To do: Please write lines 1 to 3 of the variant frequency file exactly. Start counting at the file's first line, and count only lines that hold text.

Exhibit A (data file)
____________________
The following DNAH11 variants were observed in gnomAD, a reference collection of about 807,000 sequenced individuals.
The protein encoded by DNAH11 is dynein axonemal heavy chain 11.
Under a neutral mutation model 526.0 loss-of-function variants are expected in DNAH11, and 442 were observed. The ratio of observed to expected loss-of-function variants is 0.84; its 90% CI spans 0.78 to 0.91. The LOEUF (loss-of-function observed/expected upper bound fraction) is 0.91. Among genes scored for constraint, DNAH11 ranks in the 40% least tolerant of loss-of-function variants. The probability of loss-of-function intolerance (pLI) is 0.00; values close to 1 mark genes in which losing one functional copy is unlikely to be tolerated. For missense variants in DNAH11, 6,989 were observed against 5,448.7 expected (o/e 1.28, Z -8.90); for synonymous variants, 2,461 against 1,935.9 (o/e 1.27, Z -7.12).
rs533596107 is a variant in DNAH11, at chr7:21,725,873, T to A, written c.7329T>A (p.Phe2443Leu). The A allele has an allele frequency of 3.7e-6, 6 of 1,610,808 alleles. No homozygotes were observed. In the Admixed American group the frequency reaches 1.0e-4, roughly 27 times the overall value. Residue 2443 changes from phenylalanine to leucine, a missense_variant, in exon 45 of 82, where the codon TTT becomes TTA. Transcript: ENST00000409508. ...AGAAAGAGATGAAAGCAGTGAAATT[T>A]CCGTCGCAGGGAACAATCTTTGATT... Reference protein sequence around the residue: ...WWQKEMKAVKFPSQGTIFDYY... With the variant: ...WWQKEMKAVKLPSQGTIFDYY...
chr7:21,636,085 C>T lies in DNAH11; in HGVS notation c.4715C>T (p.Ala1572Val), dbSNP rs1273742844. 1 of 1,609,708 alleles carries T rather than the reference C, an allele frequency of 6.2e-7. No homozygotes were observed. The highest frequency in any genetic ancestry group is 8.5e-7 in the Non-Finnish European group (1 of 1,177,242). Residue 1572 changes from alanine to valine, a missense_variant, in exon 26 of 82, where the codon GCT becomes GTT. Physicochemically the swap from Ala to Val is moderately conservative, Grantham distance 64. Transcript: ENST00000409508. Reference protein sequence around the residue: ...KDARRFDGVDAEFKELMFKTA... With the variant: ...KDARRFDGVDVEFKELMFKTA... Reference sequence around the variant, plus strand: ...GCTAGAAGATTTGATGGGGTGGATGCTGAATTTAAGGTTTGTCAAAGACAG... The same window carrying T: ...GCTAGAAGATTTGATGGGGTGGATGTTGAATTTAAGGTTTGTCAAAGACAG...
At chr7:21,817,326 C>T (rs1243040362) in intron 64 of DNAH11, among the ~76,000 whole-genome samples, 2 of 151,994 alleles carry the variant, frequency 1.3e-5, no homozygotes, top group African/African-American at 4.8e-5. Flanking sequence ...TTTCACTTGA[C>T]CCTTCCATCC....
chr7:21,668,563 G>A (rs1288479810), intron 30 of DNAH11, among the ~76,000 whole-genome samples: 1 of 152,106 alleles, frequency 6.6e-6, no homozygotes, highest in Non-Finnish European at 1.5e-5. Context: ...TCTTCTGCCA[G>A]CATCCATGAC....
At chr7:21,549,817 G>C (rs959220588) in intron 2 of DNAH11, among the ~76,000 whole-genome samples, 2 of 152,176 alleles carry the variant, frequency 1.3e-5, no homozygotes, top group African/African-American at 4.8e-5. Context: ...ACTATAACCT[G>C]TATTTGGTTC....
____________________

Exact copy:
The following DNAH11 variants were observed in gnomAD, a reference collection of about 807,000 sequenced individuals.
The protein encoded by DNAH11 is dynein axonemal heavy chain 11.
Under a neutral mutation model 526.0 loss-of-function variants are expected in DNAH11, and 442 were observed. The ratio of observed to expected loss-of-function variants is 0.84; its 90% CI spans 0.78 to 0.91. The LOEUF (loss-of-function observed/expected upper bound fraction) is 0.91. Among genes scored for constraint, DNAH11 ranks in the 40% least tolerant of loss-of-function variants. The probability of loss-of-function intolerance (pLI) is 0.00; values close to 1 mark genes in which losing one functional copy is unlikely to be tolerated. For missense variants in DNAH11, 6,989 were observed against 5,448.7 expected (o/e 1.28, Z -8.90); for synonymous variants, 2,461 against 1,935.9 (o/e 1.27, Z -7.12).